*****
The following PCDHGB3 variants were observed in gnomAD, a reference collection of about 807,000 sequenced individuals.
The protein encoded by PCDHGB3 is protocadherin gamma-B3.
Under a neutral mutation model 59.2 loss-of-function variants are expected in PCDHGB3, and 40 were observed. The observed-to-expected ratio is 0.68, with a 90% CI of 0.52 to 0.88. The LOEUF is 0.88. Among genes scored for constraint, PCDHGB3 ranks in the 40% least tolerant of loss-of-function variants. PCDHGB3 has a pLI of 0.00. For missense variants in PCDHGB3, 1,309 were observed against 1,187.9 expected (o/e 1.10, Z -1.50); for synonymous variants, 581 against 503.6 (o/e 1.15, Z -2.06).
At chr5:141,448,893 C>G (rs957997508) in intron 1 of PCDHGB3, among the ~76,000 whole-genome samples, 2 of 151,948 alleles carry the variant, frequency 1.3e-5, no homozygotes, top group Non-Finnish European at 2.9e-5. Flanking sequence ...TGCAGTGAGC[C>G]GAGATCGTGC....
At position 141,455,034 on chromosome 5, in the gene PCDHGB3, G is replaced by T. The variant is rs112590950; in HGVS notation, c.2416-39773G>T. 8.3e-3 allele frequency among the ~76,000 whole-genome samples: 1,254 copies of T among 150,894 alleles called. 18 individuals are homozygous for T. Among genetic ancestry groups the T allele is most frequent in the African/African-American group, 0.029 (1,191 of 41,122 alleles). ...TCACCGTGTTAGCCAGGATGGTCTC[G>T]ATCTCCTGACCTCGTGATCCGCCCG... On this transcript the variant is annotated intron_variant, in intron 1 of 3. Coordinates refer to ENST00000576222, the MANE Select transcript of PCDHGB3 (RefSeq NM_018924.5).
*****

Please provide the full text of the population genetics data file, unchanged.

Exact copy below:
The following PCDHGB3 variants were observed in gnomAD, a reference collection of about 807,000 sequenced individuals.
The protein encoded by PCDHGB3 is protocadherin gamma-B3.
Under a neutral mutation model 59.2 loss-of-function variants are expected in PCDHGB3, and 40 were observed. The observed-to-expected ratio is 0.68, with a 90% CI of 0.52 to 0.88. The LOEUF is 0.88. Among genes scored for constraint, PCDHGB3 ranks in the 40% least tolerant of loss-of-function variants. PCDHGB3 has a pLI of 0.00. For missense variants in PCDHGB3, 1,309 were observed against 1,187.9 expected (o/e 1.10, Z -1.50); for synonymous variants, 581 against 503.6 (o/e 1.15, Z -2.06).
At chr5:141,448,893 C>G (rs957997508) in intron 1 of PCDHGB3, among the ~76,000 whole-genome samples, 2 of 151,948 alleles carry the variant, frequency 1.3e-5, no homozygotes, top group Non-Finnish European at 2.9e-5. Flanking sequence ...TGCAGTGAGC[C>G]GAGATCGTGC....
At position 141,455,034 on chromosome 5, in the gene PCDHGB3, G is replaced by T. The variant is rs112590950; in HGVS notation, c.2416-39773G>T. 8.3e-3 allele frequency among the ~76,000 whole-genome samples: 1,254 copies of T among 150,894 alleles called. 18 individuals are homozygous for T. Among genetic ancestry groups the T allele is most frequent in the African/African-American group, 0.029 (1,191 of 41,122 alleles). ...TCACCGTGTTAGCCAGGATGGTCTC[G>T]ATCTCCTGACCTCGTGATCCGCCCG... On this transcript the variant is annotated intron_variant, in intron 1 of 3. Coordinates refer to ENST00000576222, the MANE Select transcript of PCDHGB3 (RefSeq NM_018924.5).